Wanderer said...

To summarize in layman's language as best I understand it:

1.) The pygmies of today form two distinct paragroups, a western one in the Congo and an eastern one near the "great lakes" region [Map].

2.) The proposed theory is that these pygmies do not share a common ancestral stock (contrary to what one would think).

3.) 20,000 years ago, (according to the theory), the ancestors of the eastern and western pygmies were two distinct, non-interbreeding, normal-sized Negroid populations.

4.) Both these Negroid groups lived at the periphery of the central African jungle.

5.) Ancient climate change caused a large area of former jungle in the Congo to disappear, opening that area up to settlement.

6.) These areas were settled by the two nearby groups of Negroids.

7.) The climate changes that pushed back the jungles proved temporary. A few thousand years after moving onto what-was-then "savannah", these Negroids found themselves living in the jungle, without having moved.

8.) Life in the jungle is much harder, and for those Negroids who stayed, they eventually pygmicized as an adaptation to the (returned) extreme heat and humidity. The same mechanism was at work 1,500 miles apart in east- and west-central Africa.

9.) Concurrent pygmicization rather than descent from a common proto-pygmy stock, then, explains certain observed differences in the east vs. west African pygmies in the present day.

10.) #9 may be wrong, and the African pygmies may actually really be descended from a common stock after all, and low-level admixture with neighboring groups may explain observed genotypic differences.

Wanderer said...

The great work "Erectus Walks Amongst Us" references pygmies several times.

An interesting writeup on the The Australian Pygmies. Who knew there were any?

And photographs of various pygmicized peoples:
1.) Negritos,caption: The standard world-traveller's photograph of the time: Lord Moyne between two Negritos (from "Lord Moyne, Walkabout: A Journey in Lands between the Pacific and Indian Ocean". London 1938).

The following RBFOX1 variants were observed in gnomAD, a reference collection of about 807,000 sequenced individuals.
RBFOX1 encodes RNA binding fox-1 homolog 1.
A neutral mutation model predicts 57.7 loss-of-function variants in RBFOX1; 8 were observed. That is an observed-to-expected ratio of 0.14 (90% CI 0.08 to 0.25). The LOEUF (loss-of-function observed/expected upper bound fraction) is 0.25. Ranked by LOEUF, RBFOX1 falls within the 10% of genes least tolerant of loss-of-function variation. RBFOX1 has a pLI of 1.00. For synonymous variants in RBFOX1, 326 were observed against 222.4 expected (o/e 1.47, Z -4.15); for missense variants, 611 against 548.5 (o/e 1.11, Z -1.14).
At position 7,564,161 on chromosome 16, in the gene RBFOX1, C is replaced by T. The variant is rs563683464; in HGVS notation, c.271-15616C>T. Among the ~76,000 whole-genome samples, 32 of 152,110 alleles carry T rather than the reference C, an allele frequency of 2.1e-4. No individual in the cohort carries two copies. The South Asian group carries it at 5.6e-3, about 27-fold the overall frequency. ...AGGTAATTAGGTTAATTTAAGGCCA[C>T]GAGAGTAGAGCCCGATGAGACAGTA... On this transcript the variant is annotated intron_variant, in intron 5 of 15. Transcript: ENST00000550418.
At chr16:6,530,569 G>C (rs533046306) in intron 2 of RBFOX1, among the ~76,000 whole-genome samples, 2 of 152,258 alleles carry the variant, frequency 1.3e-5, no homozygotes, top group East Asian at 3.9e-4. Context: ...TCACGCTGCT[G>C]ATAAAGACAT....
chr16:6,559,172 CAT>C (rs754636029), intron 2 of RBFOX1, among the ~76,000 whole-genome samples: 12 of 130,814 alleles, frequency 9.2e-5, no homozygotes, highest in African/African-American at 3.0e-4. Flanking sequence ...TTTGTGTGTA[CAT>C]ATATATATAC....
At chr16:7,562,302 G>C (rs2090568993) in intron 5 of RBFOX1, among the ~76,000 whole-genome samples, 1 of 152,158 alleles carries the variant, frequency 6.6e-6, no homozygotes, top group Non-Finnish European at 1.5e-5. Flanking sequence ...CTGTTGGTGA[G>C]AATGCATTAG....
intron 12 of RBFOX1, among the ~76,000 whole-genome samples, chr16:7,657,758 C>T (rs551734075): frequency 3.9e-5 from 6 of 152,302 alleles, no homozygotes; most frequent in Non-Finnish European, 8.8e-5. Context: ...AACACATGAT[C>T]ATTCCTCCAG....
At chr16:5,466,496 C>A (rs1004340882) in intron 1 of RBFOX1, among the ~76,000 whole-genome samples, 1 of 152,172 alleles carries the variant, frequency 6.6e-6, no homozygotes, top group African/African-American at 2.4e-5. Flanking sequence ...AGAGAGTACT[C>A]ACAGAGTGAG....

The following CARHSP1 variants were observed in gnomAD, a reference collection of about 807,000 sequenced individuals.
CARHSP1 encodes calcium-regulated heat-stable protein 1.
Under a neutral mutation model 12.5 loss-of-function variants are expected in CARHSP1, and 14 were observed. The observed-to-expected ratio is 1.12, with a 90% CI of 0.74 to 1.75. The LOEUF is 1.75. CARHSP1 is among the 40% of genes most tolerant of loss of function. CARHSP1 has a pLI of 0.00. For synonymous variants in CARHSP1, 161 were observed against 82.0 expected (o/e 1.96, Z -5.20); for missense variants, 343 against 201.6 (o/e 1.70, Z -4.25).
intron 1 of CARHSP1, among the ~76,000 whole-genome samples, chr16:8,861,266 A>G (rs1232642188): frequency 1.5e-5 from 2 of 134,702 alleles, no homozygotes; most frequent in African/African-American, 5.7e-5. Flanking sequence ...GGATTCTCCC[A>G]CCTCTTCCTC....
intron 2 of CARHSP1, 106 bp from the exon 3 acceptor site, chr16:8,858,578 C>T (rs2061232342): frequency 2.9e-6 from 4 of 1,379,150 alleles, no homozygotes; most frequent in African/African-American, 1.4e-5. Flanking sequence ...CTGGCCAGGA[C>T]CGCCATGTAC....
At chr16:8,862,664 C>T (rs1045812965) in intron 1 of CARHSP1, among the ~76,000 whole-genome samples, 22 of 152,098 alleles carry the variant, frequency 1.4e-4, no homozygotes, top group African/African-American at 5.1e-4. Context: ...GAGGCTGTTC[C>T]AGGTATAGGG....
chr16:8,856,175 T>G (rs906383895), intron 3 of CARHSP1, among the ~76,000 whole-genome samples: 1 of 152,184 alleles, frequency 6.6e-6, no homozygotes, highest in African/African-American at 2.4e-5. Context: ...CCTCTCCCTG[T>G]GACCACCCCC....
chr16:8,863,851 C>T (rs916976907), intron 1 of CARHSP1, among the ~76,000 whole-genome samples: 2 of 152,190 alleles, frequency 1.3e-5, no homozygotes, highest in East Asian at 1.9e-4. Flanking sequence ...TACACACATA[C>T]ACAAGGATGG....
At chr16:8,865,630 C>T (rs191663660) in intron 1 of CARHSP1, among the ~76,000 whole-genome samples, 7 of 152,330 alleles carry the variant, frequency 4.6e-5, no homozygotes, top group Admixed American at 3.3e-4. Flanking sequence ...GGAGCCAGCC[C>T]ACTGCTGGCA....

2.) Pygmies in Niger with white anthropologist
3.) Photograph of Australian Pygmy
Anthropologist Joseph Birdsell , on the left, is 6’1” and the 24 year old on the right is 4’6”; the picture was taken in North Queensland, Australia, in 1938. (Windshuttle, K. & Gillin, T., “The extinction of the Australian pygmies,” Quadrant, June, 2002).

There is also speculation [see note-25 at link] that the Congo Pygmies are related to the San-Bushmen of the Kalahari. "The two populations [Bushmen and Congo-Pygmies] are linked by blood group genes (DeAnza College, CA), nasal index (103.9 for Bushmen and 103.8 for Pygmies), and average height (5’1” for Bushmen and 4’8” for Pygmies)."

If the Bushmen-CongoPygmy ancestral connection is true, that would put the age of the Congo-Pygmy racial-stock far older than 20,000 years, I'd think. This is plausible: We know from the fossil record that Khoisanoids lived in northern Africa 50,000 years ago, and were pushed south by Negroid expansion. OTOH, the Congo-Pygmy faces do look visibly Negroid. Possibly picked up from admixture over the years?

TGGP said...

I like the term "Procrustes analysis".

Anonymous said...

Mol Biol Evol (2010) doi: 10.1093/molbev/msq294

Insights into the demographic history of African Pygmies from complete mitochondrial genomes

Chiara Batini et al.